Mount Vernon discontinues Washington magnet over slave teeth controversy
George Washington’s Mount Vernon has discontinued the sale of a magnet depicting the first president’s false teeth, which critics say came from teeth pulled from his slaves’ mouths.
Mount Vernon tweeted in response to criticism from historian Ana Lucia Araujo, who said “it’s time to remove the magnet of Washington’s teeth (that included teeth of enslaved persons) from your store.”
The estate responded by announcing the magnets will no longer be for sale in its online store.
“Thank you for bringing this to our attention,” it posted. “We have alerted our management team, and have removed the item from our online store.”
Thank you for bringing this to our attention. We have alerted our management team, and have removed the item from our online store.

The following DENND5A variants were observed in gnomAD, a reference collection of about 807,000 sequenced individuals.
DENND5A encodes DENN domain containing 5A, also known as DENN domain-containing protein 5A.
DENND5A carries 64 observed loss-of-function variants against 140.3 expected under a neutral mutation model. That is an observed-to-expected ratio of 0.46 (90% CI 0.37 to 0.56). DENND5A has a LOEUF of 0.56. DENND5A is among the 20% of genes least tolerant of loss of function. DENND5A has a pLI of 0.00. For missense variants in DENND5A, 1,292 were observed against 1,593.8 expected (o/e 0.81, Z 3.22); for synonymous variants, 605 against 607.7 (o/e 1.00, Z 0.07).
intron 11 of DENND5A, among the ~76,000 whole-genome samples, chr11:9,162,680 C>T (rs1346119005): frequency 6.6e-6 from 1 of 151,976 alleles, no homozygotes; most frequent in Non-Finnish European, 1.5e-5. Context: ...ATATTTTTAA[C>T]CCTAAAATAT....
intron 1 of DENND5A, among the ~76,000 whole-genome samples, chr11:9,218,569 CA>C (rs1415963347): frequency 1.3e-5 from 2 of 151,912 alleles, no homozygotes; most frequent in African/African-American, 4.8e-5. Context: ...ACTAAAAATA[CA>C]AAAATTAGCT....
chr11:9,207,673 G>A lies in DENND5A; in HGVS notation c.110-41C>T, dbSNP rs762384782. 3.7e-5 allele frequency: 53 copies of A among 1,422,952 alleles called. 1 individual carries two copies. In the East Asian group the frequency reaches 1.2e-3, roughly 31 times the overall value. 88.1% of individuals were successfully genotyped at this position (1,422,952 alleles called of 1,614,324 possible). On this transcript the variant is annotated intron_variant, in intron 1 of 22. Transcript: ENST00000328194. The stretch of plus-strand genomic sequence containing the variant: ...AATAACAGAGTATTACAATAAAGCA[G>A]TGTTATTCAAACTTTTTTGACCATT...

— Mount Vernon (@MountVernon) February 19, 2020
The web page where the magnets were sold has been disabled as of Wednesday afternoon, The Associated Press reported.
Critics have argued that the magnet undermines the story behind the first president’s false teeth and how slaves had to give up their own teeth to make them, according to the AP. Washington paid six pounds for nine teeth pulled from slaves, according to a 1784 ledger, but Mount Vernon’s website indicates the payment does not mean the slaves had any choice in the matter.
The myth that his teeth were made of wood has been proven false long ago.
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